being a route for smugglers of narcotics, illegal immigration, and weapons, but
this activity has been trending down in recent years. Turks & Caicos is a
transshipment point for South American narcotics destined for the U.S. and
including marijuana, are illegal. Arrested individuals can expect to serve
prison time and/or pay a substantial fine.
There is minimal threat from
kidnapping in Turks & Caicos. Review OSAC’s report, Kidnapping: The Basics.
laws provide for specific fishing limits, and the protection of plants and wild
birds. National Park Zones prohibit certain activities harmful to ecology. Find
further information from the Turks and Caicos Government’s Department of Environment & Maritime Affairs.
All other hunting is illegal. Many protected species live in Turks &
Caicos. You may receive severe penalties if you disturb, harass, or otherwise
OSAC’s report, Picture This: Dos and
Don’ts for Photography.
the State Department’s webpage on customs
and import restrictions for information on what you
cannot take into or out of other countries.
The emergency lines in Turks & Caicos are 911 and 999. In general, police
respond to reports of crime and takes crimes against visitors seriously. The
current police command structure is proactive about deterring crime, but a lack
of resources or physical constraints, such as geography, infrastructure, and
traffic, can hinder response. Unmarked streets and houses can impede first
responders from locating affected residences or victims quickly. To ensure a
faster response, victims may need to go to the local police station. Reporting
crime can be a cumbersome and time-consuming process.
Police harassment of U.S. citizens is rare. Attempting to bribe an
RTCIPF officer is a serious offense; strictly avoid doing so. Do not attempt to
tip police officers for their services.
Report crime to the RTCIPF as soon as possible. Prompt reports to
the police increase the prospect they can identify and arrest the perpetrators.
The police respond rapidly to crime reports from hotels and establishments
The Royal Turks
& Caicos Island Police is
the primary agency that handles all law enforcement matters for Turks &
Caicos (+649-338-5901). RTCIPF officers wear bright white dress coats, light
blue or white short-sleeve shirts, a black patrol cap emblazoned with a red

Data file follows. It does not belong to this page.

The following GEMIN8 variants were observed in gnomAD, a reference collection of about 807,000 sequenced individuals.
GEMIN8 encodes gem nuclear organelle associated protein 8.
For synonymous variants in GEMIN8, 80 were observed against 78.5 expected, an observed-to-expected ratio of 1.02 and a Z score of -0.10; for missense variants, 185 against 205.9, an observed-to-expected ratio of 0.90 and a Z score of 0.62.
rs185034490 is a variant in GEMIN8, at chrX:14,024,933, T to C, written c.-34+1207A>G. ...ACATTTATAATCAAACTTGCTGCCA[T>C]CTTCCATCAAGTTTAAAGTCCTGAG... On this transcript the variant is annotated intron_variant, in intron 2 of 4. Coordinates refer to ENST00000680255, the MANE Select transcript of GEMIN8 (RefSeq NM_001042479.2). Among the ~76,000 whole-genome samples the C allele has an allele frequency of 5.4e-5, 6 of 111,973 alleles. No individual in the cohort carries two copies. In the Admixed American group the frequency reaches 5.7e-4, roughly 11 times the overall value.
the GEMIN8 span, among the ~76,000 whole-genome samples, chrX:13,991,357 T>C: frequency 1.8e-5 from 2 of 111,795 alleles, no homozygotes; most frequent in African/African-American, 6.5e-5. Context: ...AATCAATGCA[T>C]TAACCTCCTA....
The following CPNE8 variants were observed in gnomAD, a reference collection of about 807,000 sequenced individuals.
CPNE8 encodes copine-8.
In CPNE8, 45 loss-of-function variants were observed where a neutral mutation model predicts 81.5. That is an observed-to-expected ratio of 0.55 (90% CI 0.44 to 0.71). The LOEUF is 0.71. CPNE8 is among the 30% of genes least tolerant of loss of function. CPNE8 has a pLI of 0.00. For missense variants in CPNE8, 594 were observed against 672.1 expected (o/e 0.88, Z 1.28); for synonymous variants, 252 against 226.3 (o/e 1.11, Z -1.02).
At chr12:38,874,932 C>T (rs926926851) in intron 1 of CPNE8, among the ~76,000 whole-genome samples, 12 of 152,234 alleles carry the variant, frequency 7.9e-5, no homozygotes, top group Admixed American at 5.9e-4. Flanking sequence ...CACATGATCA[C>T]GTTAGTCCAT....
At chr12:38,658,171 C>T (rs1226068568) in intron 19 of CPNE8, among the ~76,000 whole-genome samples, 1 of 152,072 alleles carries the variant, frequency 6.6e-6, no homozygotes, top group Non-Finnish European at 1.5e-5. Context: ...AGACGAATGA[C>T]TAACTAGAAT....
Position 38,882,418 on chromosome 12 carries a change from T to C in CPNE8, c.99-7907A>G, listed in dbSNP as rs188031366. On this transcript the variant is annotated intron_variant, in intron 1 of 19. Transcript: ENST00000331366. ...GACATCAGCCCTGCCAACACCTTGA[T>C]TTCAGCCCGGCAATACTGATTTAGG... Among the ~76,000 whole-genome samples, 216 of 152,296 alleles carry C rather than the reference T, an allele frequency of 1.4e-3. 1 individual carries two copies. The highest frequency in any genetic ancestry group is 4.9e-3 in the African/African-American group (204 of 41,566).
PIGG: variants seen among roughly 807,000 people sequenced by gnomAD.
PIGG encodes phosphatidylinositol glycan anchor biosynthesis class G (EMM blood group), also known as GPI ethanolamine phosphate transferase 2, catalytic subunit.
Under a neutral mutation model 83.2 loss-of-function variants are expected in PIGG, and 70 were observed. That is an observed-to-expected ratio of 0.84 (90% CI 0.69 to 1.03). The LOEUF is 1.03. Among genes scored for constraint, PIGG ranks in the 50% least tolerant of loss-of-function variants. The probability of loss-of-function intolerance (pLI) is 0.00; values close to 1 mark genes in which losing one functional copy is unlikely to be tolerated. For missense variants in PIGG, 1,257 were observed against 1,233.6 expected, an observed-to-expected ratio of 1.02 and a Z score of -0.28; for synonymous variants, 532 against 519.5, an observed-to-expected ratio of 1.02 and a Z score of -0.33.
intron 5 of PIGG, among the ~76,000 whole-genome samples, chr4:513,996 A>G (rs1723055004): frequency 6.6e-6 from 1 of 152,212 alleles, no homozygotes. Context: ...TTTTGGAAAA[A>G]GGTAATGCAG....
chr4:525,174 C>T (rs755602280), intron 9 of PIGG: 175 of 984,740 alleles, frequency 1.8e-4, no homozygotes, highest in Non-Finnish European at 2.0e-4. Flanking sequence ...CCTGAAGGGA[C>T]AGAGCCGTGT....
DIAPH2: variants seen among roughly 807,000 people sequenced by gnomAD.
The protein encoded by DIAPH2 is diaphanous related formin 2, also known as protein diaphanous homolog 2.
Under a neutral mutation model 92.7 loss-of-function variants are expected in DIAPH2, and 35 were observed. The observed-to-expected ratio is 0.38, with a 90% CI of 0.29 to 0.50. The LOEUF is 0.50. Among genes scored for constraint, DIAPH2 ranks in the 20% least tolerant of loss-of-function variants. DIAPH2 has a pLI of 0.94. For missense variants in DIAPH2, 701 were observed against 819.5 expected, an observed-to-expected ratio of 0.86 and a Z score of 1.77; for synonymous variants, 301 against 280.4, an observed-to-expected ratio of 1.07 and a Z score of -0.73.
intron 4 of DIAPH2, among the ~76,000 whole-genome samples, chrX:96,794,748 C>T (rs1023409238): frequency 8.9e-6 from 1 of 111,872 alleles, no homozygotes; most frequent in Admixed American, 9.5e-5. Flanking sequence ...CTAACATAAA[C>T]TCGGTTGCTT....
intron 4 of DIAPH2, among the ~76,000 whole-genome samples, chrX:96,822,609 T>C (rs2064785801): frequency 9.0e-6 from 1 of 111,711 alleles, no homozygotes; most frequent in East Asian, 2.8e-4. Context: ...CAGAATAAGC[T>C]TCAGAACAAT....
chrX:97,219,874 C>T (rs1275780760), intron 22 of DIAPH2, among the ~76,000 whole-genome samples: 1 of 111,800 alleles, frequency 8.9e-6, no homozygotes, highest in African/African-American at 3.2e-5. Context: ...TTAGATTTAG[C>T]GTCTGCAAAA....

stripe, and black trousers with a red stripe. Officers also wear a more subdued
navy-blue uniform with solid black pants when responding to crime scenes.
Officers regularly walk foot patrols or ride bicycles in areas tourists
emergency lines in Turks & Caicos are 911 and 999. In
the event of an injury, appropriate medical treatment is typically available
only in/near major tourism zones. First responders may be unable to access
areas outside of major tourism zones. Two hospital facilities on Providenciales
and Grand Turk are able to handle non-life-threatening medical needs. Find
contact information for available medical services and available air ambulance
services on the U.S. Embassy in Nassau’s Medical Assistance webpage.
Turks & Caicos physicians and hospitals do
not usually accept U.S. medical insurance policies, and typically expect
immediate cash or credit card payment/deposits for professional services. Due to the surgical
limitations of hospitals in Turks & Caicos, emergency care in even the best hospitals frequently requires
medical evacuation (medevac) to the United States. Check in advance with your
insurance company that your health insurance covers the cost of medevac to the
United States, or obtain traveler’s insurance that offers such coverage. Serious health problems requiring
hospitalization/medical evacuation to the United States can cost tens of thousands
of dollars. The U.S. Department of State strongly
recommends purchasing international health insurance before traveling
internationally. Review the State Department’s webpage on insurance overseas.
The repatriation of the remains of those who die in Turks &
Caicos can take weeks because Turks & Caicos does not always have a
pathologist available to perform autopsies. Periodically scheduled nonresident
foreign pathologists often travel to Turks & Caicos to perform this public
The CDC offers additional information on vaccines and health
guidance for Turks & Caicos.
OSAC Country Council Information
There is no OSAC Country Council in Turks & Caicos. Interested
private-sector security managers should contact OSAC’s Americas Team with any
U.S. Embassy Location and Contact Information
There is no U.S.
diplomatic representation in Turks & Caicos.
U.S. Embassy Nassau oversees security for U.S.
P.O. Box N-8197, 42
Queen Street, Nassau, The Bahamas
Embassy Operator 1-242-322-1181
Before you travel, consider the following
OSAC Risk Matrix
State Department Traveler’s Checklist
Smart Traveler Enrollment Program
Turks & Caicos Country Information